If you read anything news-related, it’s likely you heard about last week’s ethics and privacy discussions surrounding Facebook and social science research. Essentially, a paper was published by a team of researchers from Cornell University and Facebook—”Experimental evidence of massive-scale emotional contagion through social networks“—through the Proceedings of the National Academy of Sciences (June 2014), which says to have physically manipulated the news feeds of thousands of Facebook users to control the emotions of their perceived-networks, to ultimately analyze their not-in-person emotional responses.
The research findings are fascinating. They’re simply described in the following excerpt from the paper Abstract: Continue reading →
In celebration of the 50th anniversary of Cornell’s International Programs, a group of panel discussions on “Food Security for a Vulnerable World” were held on September 12. I spent the entire day watching these discussions, which took place in the “Biotechnology” building at Cornell. I could not help but notice that it took 1 hour and 20 minutes for anyone to utter the “magic words” — genetically modified organisms. This was incredibly powerful — this discussion on food security was not about biotechnology, biotechnology was implied already. Continue reading →
After multiple friends and acquaintances expressed interest in a seminar I am taking at Cornell University this semester, “BSOC 4303: The GMO Debate: Science & Society,” I have received permission to incorporate details of our readings and class discussions into this forum. This is my third installment.
In this third lecture, Dan Buckley, a professor in the Crop and Soil Sciences department at Cornell University, came in to give a preview of the historical and scientific factors of the GMO. His presentation was catered to everyone in the audience, covering the most elementary science behind genetic engineering, but also discussing its implications.
According to Buckley, “What I think is fundamental to those [the GMO] debates is how the technology actually works, and what the impact is. I want to give you an introduction to the major technologies out there, and how they are made. ” Continue reading →
After multiple friends and acquaintances expressed interest in a seminar I am taking at Cornell University this semester, “BSOC 4303: The GMO Debate: Science & Society,” I have received permission to incorporate details of our readings and class discussions into this forum. This is my second installment.
The topic of the second class was “global rifts,” as an introduction to the social constructionist perspective on the GMO debate. Why are there global rifts in biotechnology, but not over things like, say … cell phones? According to my professor’s lecture, there are two types of global rifts: primal and secondary. In the case of GMOs, primal global rifts are between agricultural crops and all of their other uses: pharmaceuticals, medicine, industry/biodegradable plastics, etc. Why and how did this happen? Why agricultural crops and not other uses? For example, the same recombinant technology is used to create insulin, beginning in the 1970s. We now can use human insulin instead of taking it from the pancreas of pigs and cows. Continue reading →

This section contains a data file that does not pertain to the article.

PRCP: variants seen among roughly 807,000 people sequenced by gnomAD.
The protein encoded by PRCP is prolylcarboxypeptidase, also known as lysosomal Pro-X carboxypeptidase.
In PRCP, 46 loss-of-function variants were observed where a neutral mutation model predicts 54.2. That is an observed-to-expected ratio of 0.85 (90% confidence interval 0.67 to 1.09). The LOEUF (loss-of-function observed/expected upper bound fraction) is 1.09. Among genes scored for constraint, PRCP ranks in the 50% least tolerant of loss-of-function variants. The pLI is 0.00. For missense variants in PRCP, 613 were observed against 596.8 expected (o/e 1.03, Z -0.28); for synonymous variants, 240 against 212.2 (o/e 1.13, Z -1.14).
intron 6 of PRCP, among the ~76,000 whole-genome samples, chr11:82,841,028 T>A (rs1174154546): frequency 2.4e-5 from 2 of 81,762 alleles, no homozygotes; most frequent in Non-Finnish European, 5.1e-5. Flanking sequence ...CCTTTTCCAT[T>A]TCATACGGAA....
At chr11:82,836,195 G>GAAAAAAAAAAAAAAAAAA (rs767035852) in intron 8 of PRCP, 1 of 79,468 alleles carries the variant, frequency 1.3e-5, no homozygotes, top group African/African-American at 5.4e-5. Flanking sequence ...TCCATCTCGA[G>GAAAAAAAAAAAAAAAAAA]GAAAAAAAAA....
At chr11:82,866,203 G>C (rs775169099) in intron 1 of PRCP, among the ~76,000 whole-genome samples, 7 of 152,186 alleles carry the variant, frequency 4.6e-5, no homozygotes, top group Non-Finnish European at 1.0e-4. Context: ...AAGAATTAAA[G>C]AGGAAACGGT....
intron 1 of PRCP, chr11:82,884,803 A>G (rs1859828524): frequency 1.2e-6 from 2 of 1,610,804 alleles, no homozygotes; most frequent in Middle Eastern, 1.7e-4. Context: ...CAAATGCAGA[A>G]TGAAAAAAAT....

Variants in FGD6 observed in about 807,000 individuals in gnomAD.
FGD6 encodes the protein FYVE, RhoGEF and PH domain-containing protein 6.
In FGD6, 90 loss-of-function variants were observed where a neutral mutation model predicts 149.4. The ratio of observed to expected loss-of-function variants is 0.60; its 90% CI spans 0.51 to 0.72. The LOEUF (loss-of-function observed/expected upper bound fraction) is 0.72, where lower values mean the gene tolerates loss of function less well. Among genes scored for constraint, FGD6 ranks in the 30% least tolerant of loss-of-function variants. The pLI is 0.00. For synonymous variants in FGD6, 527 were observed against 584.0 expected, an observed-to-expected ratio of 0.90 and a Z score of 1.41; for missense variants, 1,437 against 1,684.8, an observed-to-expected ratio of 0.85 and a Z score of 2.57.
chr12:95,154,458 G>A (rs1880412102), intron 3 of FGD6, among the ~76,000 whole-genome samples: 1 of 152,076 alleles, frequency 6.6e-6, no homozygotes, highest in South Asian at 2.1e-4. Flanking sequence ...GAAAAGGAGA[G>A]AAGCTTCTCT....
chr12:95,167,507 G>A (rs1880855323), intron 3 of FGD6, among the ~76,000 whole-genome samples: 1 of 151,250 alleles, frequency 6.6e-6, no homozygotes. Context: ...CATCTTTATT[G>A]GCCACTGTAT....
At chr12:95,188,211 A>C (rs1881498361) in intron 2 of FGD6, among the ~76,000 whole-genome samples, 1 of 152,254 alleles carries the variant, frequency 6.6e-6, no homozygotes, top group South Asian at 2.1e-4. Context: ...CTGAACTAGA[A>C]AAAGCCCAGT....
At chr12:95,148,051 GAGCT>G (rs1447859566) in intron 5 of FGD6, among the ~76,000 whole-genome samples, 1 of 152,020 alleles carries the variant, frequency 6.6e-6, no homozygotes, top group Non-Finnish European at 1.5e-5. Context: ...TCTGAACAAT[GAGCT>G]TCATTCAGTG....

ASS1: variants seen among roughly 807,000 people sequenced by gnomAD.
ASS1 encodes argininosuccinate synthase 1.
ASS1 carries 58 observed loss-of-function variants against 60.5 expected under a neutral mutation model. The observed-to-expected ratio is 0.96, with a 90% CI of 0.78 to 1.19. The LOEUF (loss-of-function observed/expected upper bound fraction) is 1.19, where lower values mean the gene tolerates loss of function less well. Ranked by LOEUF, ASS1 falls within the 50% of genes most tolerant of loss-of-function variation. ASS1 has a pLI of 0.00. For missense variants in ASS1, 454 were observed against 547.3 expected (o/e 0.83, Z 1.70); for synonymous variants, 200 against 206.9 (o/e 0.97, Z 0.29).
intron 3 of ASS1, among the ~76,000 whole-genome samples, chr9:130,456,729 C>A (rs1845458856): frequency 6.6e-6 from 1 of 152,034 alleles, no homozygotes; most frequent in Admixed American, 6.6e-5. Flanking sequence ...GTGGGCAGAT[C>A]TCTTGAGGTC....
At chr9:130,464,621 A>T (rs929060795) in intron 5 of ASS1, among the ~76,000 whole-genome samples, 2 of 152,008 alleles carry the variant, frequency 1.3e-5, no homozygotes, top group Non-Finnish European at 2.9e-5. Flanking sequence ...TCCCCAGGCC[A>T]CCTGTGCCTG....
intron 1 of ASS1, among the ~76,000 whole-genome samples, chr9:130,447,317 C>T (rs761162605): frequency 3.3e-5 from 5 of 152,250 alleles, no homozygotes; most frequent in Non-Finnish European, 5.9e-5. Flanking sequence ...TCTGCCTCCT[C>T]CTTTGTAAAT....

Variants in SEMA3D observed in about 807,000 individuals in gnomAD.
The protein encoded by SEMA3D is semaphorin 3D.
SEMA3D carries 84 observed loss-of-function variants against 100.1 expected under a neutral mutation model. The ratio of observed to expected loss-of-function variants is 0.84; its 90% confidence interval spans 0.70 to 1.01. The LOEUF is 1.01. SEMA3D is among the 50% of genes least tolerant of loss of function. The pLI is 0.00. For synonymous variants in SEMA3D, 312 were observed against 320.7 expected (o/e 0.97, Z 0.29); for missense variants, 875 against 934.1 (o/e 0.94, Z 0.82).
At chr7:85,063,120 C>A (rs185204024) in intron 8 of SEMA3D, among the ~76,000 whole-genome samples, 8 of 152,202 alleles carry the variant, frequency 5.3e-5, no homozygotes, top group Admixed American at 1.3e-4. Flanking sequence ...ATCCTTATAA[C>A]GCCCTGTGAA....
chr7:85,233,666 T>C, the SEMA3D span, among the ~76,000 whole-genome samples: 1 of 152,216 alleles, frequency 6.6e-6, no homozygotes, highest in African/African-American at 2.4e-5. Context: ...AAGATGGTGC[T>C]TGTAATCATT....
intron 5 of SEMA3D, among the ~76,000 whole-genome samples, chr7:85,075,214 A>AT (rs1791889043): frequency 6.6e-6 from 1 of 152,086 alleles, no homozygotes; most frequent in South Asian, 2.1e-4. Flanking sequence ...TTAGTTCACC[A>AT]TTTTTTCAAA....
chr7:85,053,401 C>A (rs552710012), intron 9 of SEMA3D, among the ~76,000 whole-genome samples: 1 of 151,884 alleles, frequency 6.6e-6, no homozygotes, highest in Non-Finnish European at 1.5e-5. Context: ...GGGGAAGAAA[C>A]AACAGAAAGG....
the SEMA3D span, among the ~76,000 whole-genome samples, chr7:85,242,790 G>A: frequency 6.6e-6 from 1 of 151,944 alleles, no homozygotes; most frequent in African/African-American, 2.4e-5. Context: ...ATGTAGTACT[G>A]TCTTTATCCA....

After multiple friends and acquaintances expressed interest in a seminar I am taking at Cornell University this semester, “BSOC 4303: The GMO Debate: Science & Society,” I have received permission to incorporate details of our readings and class discussions into this forum.
An excerpt from the course overview section of the syllabus:
Biotechnology is a broad term for the tools used to alter living organisms for human purposes. Genetic engineering (recombinant DNA technology) is one class of methods used in biotechnology. Private sector firms are actively marketing transgenic crops and other products of biotechnology globally. The public sector has been somewhat less active, but is becoming increasingly involved in transgenic technologies, particularly in less-industrialized countries. Developmental questions begin with those we ask of all technologies: at whose cost, to whose benefit? Continue reading →
For anyone interested in a brief overview of genetic engineering in our food supply — from someone a bit more “reputable” than a lowly agriculture-studying undergrad — I highly recommend taking the time to watch this lecture. Dr. Kathryn Boor, Dean of Cornell’s College of Agriculture & Life Sciences, along with Dr. Margaret Smith, Professor of Plant Breeding and Genetics at Cornell, discuss the misconceptions and concerns surrounding the controversial use of genetic engineering in food agriculture.
(The lecture itself is barely half an hour, so no excuses!)
My favorite line, “In the world of marketing, the consumers always win.”